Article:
Quick resolution needed
Tensions between the global powers embroiled in the Syrian conflict have not abated. On Tuesday, Russian President Vladimir Putin cancelled his upcoming visit to France after his French counterpart Francois Hollande said he would only hold talks on the Syrian civil war.
“The Russian veto of the French resolution at the United Nations Security Council has prevented the cessation of bombings,” Hollande said. The resolution – vetoed on Saturday – had been introduced by France and Spain in a bid to end devastating air strikes in Syria’s Aleppo, and prop up aid into the city. On October 3, the United States suspended talks with Russia on the Syrian conflict, accusing it of bombing civilian areas in the country.
Lest we forget, the Americans have also perpetrated similar crimes, besides targeting Syrian army personnel. Late last month, the United Nations suspended all aid shipments after 20 people died in an airstrike on a relief convoy. Meanwhile, fighting between forces loyal to Syrian President Bashar al-Assad and rebel groups intensified after a September 9 ceasefire broke down when an aid convoy was bombed in Aleppo. That was the second time a ceasefire between the warring sides had fallen apart.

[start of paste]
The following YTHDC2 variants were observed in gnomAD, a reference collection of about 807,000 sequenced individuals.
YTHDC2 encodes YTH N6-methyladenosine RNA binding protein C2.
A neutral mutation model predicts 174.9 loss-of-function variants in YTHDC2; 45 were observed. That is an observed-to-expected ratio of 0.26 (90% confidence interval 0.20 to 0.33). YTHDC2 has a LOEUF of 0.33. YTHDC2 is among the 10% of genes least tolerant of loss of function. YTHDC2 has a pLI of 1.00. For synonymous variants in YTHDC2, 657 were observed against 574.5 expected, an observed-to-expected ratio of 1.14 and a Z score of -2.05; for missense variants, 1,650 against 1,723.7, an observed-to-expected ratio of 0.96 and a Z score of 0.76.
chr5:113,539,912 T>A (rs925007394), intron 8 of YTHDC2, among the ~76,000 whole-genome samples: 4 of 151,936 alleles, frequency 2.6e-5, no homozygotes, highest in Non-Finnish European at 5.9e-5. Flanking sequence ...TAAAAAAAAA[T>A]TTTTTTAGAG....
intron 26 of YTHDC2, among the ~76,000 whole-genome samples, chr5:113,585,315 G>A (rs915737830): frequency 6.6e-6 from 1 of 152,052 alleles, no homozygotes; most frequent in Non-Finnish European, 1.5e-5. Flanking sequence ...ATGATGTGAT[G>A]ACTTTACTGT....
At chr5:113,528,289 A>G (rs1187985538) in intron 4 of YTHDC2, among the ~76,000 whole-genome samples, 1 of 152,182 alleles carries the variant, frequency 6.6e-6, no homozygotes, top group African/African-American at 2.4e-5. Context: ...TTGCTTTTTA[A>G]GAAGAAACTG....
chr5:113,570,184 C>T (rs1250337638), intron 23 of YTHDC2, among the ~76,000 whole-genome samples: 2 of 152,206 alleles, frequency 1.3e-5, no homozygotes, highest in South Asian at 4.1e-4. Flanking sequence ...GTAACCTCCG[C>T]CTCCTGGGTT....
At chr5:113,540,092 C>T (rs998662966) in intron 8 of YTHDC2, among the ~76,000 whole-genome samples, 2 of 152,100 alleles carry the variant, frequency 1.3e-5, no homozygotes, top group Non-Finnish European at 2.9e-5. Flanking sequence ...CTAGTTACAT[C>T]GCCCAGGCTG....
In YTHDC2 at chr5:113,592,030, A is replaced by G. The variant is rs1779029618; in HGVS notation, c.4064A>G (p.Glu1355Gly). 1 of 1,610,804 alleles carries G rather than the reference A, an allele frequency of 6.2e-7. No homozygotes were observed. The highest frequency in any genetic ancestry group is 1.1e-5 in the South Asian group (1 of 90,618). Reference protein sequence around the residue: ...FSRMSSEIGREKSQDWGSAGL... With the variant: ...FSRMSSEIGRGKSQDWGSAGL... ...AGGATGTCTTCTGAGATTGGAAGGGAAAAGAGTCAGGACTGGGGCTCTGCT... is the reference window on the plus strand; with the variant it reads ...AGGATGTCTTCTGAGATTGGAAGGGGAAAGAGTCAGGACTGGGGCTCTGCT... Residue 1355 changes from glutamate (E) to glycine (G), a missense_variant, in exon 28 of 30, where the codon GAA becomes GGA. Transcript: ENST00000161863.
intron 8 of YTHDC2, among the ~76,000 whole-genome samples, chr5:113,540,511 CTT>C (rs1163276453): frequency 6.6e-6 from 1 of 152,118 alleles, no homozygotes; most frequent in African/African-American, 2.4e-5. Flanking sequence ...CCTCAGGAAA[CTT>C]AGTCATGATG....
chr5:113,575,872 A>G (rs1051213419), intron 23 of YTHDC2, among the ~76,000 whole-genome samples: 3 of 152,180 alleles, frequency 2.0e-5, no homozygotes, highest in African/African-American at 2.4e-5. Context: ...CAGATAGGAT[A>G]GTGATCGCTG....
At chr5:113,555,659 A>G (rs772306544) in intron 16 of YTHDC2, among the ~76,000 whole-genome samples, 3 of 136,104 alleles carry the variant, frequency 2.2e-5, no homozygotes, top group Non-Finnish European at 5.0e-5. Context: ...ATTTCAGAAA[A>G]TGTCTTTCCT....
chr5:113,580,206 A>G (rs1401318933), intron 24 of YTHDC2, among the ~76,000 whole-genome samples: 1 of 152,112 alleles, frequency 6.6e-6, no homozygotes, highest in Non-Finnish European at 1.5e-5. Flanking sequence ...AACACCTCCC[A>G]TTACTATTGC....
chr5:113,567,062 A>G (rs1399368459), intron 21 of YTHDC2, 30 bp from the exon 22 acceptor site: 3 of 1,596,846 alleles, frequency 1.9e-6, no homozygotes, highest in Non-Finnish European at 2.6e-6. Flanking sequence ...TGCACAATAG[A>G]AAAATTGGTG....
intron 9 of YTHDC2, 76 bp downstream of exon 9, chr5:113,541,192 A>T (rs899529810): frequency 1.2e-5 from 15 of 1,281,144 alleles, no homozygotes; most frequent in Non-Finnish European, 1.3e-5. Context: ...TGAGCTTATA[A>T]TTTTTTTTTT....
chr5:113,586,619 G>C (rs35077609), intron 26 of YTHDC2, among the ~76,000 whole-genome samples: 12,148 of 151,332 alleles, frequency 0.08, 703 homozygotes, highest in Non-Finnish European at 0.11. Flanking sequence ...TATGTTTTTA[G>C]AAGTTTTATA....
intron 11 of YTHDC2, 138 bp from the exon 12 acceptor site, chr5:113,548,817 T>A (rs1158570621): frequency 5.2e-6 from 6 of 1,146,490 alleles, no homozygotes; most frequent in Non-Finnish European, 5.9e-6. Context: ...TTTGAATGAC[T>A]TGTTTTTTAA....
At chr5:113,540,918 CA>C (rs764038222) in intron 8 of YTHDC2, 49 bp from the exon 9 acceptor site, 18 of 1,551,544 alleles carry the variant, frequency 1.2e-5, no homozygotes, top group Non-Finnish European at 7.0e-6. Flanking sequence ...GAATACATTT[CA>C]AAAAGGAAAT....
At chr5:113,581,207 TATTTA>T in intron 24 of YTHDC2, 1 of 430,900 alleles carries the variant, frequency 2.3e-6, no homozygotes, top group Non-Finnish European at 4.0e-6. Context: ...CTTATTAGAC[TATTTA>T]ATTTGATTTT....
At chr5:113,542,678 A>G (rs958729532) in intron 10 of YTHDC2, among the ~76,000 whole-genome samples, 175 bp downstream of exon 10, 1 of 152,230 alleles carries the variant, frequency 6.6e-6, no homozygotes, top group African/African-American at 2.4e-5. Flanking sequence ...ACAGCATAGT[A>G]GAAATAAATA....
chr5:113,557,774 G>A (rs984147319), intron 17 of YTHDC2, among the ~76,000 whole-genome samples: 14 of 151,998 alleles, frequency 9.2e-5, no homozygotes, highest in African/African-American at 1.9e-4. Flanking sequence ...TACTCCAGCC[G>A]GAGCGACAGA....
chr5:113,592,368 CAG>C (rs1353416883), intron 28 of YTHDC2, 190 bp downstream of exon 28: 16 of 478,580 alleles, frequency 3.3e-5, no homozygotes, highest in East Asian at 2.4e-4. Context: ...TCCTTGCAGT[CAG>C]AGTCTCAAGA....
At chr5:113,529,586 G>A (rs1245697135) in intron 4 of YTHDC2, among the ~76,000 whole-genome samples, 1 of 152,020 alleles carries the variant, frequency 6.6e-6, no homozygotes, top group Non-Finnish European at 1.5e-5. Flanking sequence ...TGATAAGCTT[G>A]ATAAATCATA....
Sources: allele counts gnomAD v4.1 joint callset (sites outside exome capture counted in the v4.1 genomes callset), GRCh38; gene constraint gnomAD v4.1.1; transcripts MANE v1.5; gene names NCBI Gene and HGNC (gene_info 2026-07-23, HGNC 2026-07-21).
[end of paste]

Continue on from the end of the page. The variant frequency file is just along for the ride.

Aid groups have said that the situation on the ground is beyond dire. Recent estimates indicate that more than 13 million people require humanitarian assistance. Since the start of this brutal and complex civil war, approximately six million people have been forced to flee their homes. In the past six months alone, nearly 1 million of them have left their homes. Particular attention needs to be diverted to 600,000 Syrians, who are living in besieged areas. They have little access to basic needs, living with the daily threat of brutal violence. In the eastern city of Aleppo, approximately 275,000 people have been entirely cut off from vital supplies, including food, water, medicine, and electricity for over a month.
Amidst the crippling failure of the international community to establish a basic modicum of stability in the country, both Washington and Moscow have seen it fit to take their time to formulate a definitive resolution. They need to get their act together soon.